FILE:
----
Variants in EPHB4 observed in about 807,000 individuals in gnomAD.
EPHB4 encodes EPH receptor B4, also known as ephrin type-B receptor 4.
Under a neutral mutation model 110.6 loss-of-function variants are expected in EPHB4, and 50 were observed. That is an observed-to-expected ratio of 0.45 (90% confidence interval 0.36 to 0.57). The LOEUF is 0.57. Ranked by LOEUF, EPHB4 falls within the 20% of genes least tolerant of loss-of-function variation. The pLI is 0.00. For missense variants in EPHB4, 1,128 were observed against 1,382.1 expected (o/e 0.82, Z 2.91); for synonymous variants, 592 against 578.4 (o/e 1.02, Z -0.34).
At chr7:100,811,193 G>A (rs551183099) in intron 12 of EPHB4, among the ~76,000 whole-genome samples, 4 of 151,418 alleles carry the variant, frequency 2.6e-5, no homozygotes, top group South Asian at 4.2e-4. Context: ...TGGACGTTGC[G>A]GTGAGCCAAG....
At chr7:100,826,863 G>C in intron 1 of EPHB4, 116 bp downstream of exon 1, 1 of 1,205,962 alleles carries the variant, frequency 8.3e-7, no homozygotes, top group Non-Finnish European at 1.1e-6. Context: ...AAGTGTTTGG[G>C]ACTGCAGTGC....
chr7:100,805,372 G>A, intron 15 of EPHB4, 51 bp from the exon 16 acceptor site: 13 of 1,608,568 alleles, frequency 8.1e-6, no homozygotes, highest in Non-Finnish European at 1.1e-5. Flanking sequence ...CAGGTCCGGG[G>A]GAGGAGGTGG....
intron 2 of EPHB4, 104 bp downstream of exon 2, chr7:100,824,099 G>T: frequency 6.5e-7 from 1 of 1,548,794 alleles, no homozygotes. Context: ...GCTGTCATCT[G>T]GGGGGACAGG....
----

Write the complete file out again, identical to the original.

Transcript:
Variants in EPHB4 observed in about 807,000 individuals in gnomAD.
EPHB4 encodes EPH receptor B4, also known as ephrin type-B receptor 4.
Under a neutral mutation model 110.6 loss-of-function variants are expected in EPHB4, and 50 were observed. That is an observed-to-expected ratio of 0.45 (90% confidence interval 0.36 to 0.57). The LOEUF is 0.57. Ranked by LOEUF, EPHB4 falls within the 20% of genes least tolerant of loss-of-function variation. The pLI is 0.00. For missense variants in EPHB4, 1,128 were observed against 1,382.1 expected (o/e 0.82, Z 2.91); for synonymous variants, 592 against 578.4 (o/e 1.02, Z -0.34).
At chr7:100,811,193 G>A (rs551183099) in intron 12 of EPHB4, among the ~76,000 whole-genome samples, 4 of 151,418 alleles carry the variant, frequency 2.6e-5, no homozygotes, top group South Asian at 4.2e-4. Context: ...TGGACGTTGC[G>A]GTGAGCCAAG....
At chr7:100,826,863 G>C in intron 1 of EPHB4, 116 bp downstream of exon 1, 1 of 1,205,962 alleles carries the variant, frequency 8.3e-7, no homozygotes, top group Non-Finnish European at 1.1e-6. Context: ...AAGTGTTTGG[G>C]ACTGCAGTGC....
chr7:100,805,372 G>A, intron 15 of EPHB4, 51 bp from the exon 16 acceptor site: 13 of 1,608,568 alleles, frequency 8.1e-6, no homozygotes, highest in Non-Finnish European at 1.1e-5. Flanking sequence ...CAGGTCCGGG[G>A]GAGGAGGTGG....
intron 2 of EPHB4, 104 bp downstream of exon 2, chr7:100,824,099 G>T: frequency 6.5e-7 from 1 of 1,548,794 alleles, no homozygotes. Context: ...GCTGTCATCT[G>T]GGGGGACAGG....